Probe ordered into misinterpreted CT scans

Several B.C. patients may have cancer that went undetected because two radiologists misinterpreted the results of CT scans performed at hospitals in Abbotsford and Powell River last year.

Patient receiving a CT scan for cancer.

Patient receiving a CT scan for cancer.

Several B.C. patients may have cancer that went undetected because two radiologists who were either unqualified or inexperienced misinterpreted the results of CT scans performed at hospitals in Abbotsford and Powell River last year.

Health minister Colin Hansen has ordered an investigation into the cases of misdiagnosis to determine how the radiology physicians in question were allowed to read the scans.

Fraser Health Authority CEO Dr. Nigel Murray said there may be untreated cancers in some of the 10 patients scanned at Abbotsford Regional Hospital and Cancer Centre where misinterpreted scans may have contributed to patients receiving incorrect treatment.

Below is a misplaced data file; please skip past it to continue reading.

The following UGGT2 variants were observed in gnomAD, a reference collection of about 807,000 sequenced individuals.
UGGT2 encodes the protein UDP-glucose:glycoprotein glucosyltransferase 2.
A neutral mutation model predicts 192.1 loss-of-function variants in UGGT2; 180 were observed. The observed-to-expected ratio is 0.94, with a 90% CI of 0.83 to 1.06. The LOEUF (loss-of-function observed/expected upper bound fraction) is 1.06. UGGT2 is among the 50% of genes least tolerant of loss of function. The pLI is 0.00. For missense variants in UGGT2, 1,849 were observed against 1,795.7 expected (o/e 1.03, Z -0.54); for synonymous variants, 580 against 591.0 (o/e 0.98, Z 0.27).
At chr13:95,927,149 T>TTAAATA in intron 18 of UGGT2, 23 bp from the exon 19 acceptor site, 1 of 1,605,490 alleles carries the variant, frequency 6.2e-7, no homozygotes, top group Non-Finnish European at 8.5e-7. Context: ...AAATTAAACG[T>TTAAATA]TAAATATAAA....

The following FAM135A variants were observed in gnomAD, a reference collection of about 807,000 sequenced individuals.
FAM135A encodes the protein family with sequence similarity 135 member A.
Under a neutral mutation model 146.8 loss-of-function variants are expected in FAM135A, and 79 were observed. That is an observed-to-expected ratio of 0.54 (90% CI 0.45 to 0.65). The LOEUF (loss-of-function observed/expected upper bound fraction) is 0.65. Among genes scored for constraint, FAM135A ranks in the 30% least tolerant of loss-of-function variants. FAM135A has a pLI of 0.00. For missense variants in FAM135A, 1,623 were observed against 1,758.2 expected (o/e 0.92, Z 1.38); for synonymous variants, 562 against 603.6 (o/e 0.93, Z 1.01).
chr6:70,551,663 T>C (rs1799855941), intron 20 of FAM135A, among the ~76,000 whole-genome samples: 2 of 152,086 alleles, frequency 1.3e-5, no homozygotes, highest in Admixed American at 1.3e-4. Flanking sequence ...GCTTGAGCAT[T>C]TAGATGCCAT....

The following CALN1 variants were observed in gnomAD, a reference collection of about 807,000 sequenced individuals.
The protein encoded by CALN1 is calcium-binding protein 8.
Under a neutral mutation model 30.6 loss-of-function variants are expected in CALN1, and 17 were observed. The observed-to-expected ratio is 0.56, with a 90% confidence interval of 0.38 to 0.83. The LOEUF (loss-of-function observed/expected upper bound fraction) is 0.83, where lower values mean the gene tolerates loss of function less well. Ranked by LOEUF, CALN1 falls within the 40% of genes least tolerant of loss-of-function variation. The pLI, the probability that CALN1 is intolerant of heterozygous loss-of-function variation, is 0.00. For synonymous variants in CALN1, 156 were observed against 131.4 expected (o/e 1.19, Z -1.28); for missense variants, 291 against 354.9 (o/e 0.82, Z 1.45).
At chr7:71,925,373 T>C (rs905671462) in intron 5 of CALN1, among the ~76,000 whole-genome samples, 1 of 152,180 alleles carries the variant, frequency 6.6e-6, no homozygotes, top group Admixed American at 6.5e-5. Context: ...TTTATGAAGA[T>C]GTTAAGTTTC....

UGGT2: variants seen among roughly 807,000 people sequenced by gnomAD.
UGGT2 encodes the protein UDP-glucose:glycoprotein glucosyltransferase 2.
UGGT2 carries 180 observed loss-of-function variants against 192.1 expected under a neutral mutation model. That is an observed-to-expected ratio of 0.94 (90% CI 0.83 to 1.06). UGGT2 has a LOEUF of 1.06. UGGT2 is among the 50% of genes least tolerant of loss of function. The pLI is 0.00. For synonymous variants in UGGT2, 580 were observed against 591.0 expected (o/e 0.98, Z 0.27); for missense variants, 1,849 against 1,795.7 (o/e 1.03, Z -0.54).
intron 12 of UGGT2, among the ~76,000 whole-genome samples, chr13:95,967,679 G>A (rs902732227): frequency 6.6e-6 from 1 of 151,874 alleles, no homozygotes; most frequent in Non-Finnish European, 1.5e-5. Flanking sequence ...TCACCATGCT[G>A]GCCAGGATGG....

“They could include missed cancers,” Murray said. “Approximately three or four could be in that category.”

False positives included one case where the radiologist wrongly identified a pulmonary embolysm in the lungs of an Abbotsford patient, but Murray said the patient’s doctor did not rely entirely on the scan result and treated on the basis of other evidence as well.

“At this time we believe there was no inappropriate treatment given due to false positives.”

The locum radiologist in question performed a total of 170 CT scan interpretations in the eastern Fraser Valley between mid-August and mid-September 2010, most at Abbotsford but about a dozen in Chilliwack, where no discrepancies were found.

“We are still in the process of contacting all the patients individually,” Murray said.

“All of their doctors have been contacted and are taking the appropriate actions.”